Enology under attack
Contrary to what many may think, most enologists avoid distorting the more emblematic characteristics of a wine and do not engage in any kind of witchcraft.
The world of wine and food is a strange one. Many exalt the techniques behind modern and revolutionary cuisine, like seal-wrapping, molecular gastronomy and so forth, but when it comes to wine any and every winemaking practice becomes the target of the most ferocious attacks, as if wine was not for the most part the result of a physical process but a chemical one, as some may believe. In other words, there are some consumers, more than often ill informed, who demonize the role of the enologist and enology in general in winemaking.
This occurs almost exclusively in Italy and is more widespread than one would imagine and paradoxically it creates an anti-scientific view of wine. On the contrary, it is important to note that it has been through enological research that in recent years there has been a significant reduction in the use of chemicals in wine production. The amount of sulfites added to a wine, for example, is now far less than what it was a couple of decades ago and this is thanks to, aside from the improved health of the grapes, the development of techniques to control temperature during fermentation, closer attention paid to the phenomenon of oxidation, using the technique of reduction fermentation, as well as the selection of the right yeasts that do not block fermentation and cause an increase in volatile acidity. These are just some simple yet easily understandable examples for those who are not scientifically minded. And yet, they are also singled out as a bad thing with any enological intervention seen as something contrived to “construct” a wine and make it “unnatural”. Thus being an “enologist” becomes something negative and in a certain way dangerous because they seek to make real wine something unnatural and industrial, unhealthy and with no organoleptic value.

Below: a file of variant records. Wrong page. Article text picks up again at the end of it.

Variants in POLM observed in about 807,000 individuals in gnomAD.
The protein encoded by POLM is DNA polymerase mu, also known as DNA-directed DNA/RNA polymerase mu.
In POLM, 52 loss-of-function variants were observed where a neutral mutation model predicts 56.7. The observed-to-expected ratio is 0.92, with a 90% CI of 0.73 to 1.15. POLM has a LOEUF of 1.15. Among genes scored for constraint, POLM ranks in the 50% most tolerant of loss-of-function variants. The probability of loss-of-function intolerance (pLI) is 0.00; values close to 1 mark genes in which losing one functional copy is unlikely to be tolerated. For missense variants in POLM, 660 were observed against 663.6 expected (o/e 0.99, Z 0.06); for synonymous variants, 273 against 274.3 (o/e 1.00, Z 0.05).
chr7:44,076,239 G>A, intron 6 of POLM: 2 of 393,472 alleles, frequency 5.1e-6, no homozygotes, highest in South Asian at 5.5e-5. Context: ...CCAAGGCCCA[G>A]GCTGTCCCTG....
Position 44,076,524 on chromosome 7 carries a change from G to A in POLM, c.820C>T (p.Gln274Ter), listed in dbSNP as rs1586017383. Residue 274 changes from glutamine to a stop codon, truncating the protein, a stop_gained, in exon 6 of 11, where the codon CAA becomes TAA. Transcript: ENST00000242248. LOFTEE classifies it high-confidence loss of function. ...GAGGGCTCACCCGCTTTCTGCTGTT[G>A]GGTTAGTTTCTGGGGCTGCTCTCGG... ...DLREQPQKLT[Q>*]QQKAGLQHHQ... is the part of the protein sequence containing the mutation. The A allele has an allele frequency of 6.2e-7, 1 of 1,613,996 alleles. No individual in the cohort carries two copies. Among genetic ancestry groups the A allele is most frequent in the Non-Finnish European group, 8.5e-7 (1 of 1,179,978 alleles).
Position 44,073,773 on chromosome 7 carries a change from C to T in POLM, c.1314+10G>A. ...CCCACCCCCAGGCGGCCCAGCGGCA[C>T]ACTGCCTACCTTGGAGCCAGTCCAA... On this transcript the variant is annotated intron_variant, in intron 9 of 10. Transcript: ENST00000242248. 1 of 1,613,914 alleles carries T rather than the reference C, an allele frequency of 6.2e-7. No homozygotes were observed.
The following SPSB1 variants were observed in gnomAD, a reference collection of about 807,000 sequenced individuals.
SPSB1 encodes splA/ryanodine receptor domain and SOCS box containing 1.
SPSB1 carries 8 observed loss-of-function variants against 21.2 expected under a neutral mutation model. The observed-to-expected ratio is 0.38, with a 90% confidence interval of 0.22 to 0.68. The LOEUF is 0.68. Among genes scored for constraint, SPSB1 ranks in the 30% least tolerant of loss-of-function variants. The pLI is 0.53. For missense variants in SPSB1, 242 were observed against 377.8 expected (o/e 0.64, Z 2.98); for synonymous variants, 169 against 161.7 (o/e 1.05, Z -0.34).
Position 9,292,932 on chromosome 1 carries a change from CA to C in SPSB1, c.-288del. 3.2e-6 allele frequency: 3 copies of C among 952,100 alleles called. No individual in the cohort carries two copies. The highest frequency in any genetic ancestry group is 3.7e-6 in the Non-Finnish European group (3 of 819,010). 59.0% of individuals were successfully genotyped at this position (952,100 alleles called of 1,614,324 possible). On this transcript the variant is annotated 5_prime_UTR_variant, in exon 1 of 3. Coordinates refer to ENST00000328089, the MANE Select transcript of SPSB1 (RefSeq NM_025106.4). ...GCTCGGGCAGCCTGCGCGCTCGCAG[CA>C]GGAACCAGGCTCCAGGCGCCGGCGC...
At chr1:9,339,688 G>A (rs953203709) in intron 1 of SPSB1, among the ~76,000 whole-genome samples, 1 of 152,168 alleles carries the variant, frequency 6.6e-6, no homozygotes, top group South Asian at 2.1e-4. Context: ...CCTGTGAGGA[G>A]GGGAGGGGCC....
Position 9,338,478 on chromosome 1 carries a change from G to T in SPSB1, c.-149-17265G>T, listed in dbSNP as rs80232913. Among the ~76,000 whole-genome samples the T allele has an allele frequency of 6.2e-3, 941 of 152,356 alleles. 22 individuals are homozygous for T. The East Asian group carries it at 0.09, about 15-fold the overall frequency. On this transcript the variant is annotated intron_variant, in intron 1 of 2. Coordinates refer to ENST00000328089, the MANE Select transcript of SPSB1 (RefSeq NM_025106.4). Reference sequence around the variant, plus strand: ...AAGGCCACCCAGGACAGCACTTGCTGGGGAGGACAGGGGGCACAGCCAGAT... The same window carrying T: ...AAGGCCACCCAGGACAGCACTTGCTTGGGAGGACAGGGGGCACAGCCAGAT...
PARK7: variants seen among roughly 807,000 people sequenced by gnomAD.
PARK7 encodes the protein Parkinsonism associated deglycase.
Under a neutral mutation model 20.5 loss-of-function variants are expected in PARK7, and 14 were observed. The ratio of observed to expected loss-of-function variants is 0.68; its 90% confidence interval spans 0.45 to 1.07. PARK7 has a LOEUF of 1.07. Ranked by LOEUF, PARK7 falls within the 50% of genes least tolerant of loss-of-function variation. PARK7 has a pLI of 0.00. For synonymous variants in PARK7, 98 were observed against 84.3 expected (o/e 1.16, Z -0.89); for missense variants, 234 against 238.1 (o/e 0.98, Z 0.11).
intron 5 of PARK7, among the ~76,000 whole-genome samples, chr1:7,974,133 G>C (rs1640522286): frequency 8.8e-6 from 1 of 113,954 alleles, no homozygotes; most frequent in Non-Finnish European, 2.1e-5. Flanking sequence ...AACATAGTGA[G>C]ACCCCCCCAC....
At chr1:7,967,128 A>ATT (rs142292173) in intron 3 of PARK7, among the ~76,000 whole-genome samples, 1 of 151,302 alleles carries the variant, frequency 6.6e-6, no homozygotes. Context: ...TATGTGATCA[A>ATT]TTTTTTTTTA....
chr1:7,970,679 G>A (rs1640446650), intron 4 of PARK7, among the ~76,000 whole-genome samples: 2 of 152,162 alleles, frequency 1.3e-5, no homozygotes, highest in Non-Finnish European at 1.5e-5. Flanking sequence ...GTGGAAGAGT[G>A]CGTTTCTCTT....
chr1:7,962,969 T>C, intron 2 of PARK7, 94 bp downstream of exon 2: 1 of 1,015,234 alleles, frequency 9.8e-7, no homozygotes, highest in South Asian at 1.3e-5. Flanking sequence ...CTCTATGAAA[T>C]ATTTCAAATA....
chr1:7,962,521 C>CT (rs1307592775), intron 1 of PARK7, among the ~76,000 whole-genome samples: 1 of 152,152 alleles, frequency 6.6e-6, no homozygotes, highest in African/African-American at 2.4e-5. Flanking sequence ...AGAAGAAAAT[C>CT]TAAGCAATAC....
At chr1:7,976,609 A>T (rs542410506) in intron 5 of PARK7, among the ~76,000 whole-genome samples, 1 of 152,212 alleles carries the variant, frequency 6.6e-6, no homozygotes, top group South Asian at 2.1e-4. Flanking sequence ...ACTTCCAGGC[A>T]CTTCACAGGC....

Now, I will not deny that some enologists may go too far, similar to unnecessary medical overtreatment, but the reality of the situation is far different than it may appear. The majority of enologists work to avoid oxidation, volatile acidity and abnormal fermentation that, in fact, can actually make wine uniform and compromise its more emblematic characteristics. Knowing many enologists as I do, I can attest that their greatest attention is not on the standardization of wine but on improving each stage of its transformation.
Making wine is a guided process and not simply a natural phenomenon and demonizing those who try to optimize this process is simply absurd. Allowing the sugars in the grape to ferment on their own only produces bad vinegar.